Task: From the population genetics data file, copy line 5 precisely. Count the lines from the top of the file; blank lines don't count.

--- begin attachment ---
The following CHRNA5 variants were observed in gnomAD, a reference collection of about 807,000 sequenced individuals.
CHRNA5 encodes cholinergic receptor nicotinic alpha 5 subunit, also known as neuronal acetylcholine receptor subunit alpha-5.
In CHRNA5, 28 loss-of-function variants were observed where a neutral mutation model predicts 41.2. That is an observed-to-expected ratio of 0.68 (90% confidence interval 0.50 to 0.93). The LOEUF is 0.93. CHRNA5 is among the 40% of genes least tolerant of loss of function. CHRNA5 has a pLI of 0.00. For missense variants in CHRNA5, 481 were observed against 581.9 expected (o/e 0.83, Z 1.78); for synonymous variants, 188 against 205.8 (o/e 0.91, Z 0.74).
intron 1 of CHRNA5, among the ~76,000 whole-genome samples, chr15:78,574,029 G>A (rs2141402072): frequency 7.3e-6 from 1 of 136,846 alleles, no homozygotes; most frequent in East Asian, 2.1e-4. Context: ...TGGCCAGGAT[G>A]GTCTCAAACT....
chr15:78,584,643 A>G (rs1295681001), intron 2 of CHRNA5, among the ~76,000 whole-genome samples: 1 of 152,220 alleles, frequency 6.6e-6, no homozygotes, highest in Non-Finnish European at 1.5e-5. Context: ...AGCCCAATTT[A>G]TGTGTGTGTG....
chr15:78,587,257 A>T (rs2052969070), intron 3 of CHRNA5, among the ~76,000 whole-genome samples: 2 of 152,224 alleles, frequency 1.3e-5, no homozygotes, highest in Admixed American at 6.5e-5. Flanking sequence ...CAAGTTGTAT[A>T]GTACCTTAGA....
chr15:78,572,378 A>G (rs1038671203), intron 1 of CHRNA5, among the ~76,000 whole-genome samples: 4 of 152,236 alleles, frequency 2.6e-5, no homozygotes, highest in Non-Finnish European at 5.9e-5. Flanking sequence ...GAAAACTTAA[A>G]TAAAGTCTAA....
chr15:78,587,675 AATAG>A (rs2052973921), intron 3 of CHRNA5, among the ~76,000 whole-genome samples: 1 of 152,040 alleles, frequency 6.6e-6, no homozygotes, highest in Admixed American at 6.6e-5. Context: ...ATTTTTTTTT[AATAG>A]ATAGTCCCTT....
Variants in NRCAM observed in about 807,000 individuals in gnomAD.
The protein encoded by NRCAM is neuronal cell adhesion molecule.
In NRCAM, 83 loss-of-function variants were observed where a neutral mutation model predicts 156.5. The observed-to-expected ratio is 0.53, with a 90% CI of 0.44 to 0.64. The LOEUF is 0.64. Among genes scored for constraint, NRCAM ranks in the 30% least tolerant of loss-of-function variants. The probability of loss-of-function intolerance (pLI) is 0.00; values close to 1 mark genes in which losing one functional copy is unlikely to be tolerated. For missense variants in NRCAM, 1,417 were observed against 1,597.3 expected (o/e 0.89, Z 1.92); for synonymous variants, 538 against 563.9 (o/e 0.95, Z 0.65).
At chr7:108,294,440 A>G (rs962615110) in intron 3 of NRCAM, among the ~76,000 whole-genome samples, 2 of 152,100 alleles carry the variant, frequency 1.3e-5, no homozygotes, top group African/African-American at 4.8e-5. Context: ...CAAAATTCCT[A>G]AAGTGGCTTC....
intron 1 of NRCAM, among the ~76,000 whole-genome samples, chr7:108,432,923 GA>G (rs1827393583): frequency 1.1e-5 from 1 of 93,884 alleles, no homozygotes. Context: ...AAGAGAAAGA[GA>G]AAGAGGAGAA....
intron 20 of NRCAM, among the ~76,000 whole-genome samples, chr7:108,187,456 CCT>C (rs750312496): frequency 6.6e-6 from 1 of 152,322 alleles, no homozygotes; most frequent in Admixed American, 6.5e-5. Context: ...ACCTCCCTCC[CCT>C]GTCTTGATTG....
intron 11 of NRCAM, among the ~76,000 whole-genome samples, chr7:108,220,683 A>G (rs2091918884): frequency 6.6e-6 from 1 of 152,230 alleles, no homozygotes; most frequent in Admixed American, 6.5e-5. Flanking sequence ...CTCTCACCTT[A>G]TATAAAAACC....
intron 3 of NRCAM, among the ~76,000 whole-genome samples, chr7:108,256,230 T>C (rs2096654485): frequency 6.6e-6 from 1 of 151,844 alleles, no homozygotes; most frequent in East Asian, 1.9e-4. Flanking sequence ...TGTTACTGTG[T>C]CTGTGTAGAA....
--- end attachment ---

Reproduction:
chr15:78,584,643 A>G (rs1295681001), intron 2 of CHRNA5, among the ~76,000 whole-genome samples: 1 of 152,220 alleles, frequency 6.6e-6, no homozygotes, highest in Non-Finnish European at 1.5e-5. Context: ...AGCCCAATTT[A>G]TGTGTGTGTG....